The ocean is key to global food security, the livelihoods of over 600 million people, and essential to transforming agrifood systems, according to Manuel Barange, Director of the Fisheries and Aquaculture Division at the Food and Agriculture Organization of the United Nations (FAO).
Barange, a top marine scientist, is currently bringing all his expertise, among other initiatives, to help countries lead a Blue Transformation to sustainably expand aquatic food systems to benefit both people and planet, leaving no one behind.
On World Oceans Day, he explains what the Blue Transformation entails, why is the ocean important and how aquatic foods are one of the biggest opportunities to fight hunger, and even climate change.
The Ocean as a solution
As a scientist, the expert highlights that the ocean is essential for a stable climate, as it absorbs a quarter of the carbon emissions that we emit, and 90% of the heat that we produce. It also occupies three-quarters of the planet and 90% of the habitable space for any animals or plants.
“Frankly, I can say that there is not a single problem that we have nowadays, whether it is climate change, whether it is food security, or whether it is poverty that can be solved without considering the ocean as part of the solution”, Barange underscores.
He says he wants people to understand that the ocean is not an aquarium, meaning that it is not only there to be admired, but it is also the place where we humans obtain our food, and our livelihoods.
“We are part of the ocean; we are not apart from the ocean. Ocean’s Day becomes our day, Human’s Day. The day that we look for solutions”, he adds.
For him, the consideration of humans as part of the ocean is a fundamental conceptual change, obvious to ocean-dependent communities but not so obvious to all ocean advocates.
‘’Because if we see ourselves as part of the ocean, then we are not just part of the problem but also part of the necessary solution. We are not external to either’’.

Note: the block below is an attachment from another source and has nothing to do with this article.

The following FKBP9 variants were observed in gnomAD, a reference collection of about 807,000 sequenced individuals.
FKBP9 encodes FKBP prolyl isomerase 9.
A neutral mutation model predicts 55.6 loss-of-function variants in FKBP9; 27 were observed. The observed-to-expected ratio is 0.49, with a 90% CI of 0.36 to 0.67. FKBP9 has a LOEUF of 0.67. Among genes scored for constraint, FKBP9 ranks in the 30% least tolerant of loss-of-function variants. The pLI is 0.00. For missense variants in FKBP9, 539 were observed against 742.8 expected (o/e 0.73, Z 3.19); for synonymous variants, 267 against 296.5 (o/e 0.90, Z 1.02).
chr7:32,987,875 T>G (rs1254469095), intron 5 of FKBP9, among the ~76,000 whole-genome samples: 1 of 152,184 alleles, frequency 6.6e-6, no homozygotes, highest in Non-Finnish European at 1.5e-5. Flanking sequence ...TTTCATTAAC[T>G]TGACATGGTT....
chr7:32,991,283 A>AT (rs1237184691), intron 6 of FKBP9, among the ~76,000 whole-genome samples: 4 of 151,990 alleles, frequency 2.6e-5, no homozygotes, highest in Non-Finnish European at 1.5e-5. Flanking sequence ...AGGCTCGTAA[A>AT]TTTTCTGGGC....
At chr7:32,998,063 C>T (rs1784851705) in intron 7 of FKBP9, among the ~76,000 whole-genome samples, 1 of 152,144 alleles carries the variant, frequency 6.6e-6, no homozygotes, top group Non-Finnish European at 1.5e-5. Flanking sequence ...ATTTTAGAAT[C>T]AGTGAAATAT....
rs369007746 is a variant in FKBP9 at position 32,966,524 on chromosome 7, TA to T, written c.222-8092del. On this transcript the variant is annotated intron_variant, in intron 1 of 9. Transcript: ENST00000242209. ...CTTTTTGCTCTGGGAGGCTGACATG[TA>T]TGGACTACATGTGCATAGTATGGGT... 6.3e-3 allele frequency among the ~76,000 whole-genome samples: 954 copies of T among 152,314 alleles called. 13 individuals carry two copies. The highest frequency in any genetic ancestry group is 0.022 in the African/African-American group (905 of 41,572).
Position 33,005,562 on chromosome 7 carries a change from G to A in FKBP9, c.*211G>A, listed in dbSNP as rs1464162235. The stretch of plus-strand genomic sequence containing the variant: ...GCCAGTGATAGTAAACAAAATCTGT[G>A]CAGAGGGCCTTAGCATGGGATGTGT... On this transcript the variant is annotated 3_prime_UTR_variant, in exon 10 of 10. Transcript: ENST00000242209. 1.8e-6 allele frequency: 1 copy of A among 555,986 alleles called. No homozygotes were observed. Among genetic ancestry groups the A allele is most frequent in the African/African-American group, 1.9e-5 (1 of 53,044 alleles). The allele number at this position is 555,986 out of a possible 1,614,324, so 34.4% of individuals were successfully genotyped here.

Aquatic foods as an opportunity
To understand the dimension of the challenge of feeding the world, the expert reminds us that FAO was created at a time when 70% of the world was living in poverty, and where scientific opinion was that it was not possible to feed three billion people. The world now has a population of seven and a half billion, and it will grow to ten billion in just a few decades.
“Anything that addresses this challenge is an opportunity. And aquatic foods are a huge opportunity. Not just because of the volume of production, but also because the nutritional composition of aquatic foods, essential particularly for children and women of reproductive age’’.
The term aquatic foods refers to the 3,000 different species of fish, mollusks, crustaceans and algae that we catch, and over 650 species that we culture. According to the expert, it is a huge biodiversity that offers exceptional long-term food opportunities and renewable solutions, if managed properly. Furthermore, growing many of them has a much lower environmental impact than growing land-based animal production systems.
Barange clarifies that while the demand for aquatic foods has been growing globally, at twice the rate of population growth, it is wrong to think that the pressure on the oceans and thus capture fisheries has been growing as well.